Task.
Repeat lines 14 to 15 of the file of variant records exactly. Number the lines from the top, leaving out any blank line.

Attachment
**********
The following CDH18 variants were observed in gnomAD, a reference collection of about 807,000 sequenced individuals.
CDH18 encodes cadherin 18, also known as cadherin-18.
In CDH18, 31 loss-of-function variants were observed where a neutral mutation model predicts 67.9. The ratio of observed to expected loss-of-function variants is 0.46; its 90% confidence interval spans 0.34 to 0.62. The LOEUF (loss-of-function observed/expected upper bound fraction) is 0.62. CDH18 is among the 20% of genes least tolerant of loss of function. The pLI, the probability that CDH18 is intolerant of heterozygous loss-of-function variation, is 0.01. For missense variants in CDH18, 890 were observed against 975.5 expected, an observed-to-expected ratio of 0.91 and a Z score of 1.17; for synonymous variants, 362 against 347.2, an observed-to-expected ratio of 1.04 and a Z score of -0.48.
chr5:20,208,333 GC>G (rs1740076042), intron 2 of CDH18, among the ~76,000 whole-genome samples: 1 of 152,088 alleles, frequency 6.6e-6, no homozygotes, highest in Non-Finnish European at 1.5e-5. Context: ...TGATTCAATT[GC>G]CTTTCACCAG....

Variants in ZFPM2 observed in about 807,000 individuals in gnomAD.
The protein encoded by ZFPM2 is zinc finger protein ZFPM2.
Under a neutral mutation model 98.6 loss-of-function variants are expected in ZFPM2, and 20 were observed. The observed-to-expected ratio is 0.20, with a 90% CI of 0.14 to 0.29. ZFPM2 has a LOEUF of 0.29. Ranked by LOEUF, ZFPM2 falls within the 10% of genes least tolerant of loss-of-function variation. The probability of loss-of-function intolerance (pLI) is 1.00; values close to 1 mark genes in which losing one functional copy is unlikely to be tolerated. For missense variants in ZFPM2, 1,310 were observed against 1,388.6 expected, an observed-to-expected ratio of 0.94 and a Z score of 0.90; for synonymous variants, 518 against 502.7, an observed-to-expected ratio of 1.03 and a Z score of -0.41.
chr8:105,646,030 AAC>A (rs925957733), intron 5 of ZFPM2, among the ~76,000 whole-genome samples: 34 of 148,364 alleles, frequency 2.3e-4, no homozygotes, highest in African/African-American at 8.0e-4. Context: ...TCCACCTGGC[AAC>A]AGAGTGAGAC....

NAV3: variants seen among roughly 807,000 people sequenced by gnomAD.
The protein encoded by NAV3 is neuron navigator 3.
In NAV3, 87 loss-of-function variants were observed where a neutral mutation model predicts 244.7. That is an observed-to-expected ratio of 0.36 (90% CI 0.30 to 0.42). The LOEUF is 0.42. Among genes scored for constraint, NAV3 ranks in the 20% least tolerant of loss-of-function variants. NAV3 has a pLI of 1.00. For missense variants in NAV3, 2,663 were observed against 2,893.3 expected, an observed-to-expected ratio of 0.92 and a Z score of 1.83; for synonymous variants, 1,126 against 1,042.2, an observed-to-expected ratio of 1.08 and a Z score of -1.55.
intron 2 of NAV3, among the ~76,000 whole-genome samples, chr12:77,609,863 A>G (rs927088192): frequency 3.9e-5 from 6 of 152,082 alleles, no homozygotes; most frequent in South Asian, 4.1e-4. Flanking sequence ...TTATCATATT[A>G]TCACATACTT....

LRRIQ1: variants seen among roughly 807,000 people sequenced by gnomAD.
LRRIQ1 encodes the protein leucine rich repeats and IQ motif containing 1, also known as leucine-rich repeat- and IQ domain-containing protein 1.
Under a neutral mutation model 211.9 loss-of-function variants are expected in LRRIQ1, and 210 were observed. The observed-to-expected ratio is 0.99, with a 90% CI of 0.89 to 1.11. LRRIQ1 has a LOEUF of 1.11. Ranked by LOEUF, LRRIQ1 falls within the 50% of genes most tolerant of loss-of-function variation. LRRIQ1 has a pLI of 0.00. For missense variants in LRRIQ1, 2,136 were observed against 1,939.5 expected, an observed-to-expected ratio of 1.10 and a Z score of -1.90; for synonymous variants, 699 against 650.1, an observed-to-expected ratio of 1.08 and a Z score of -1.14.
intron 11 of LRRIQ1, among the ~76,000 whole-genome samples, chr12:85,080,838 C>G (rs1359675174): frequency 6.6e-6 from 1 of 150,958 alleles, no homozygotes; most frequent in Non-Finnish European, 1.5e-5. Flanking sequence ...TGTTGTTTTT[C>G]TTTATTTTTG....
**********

LRRIQ1 encodes the protein leucine rich repeats and IQ motif containing 1, also known as leucine-rich repeat- and IQ domain-containing protein 1.
Under a neutral mutation model 211.9 loss-of-function variants are expected in LRRIQ1, and 210 were observed. The observed-to-expected ratio is 0.99, with a 90% CI of 0.89 to 1.11. LRRIQ1 has a LOEUF of 1.11. Ranked by LOEUF, LRRIQ1 falls within the 50% of genes most tolerant of loss-of-function variation. LRRIQ1 has a pLI of 0.00. For missense variants in LRRIQ1, 2,136 were observed against 1,939.5 expected, an observed-to-expected ratio of 1.10 and a Z score of -1.90; for synonymous variants, 699 against 650.1, an observed-to-expected ratio of 1.08 and a Z score of -1.14.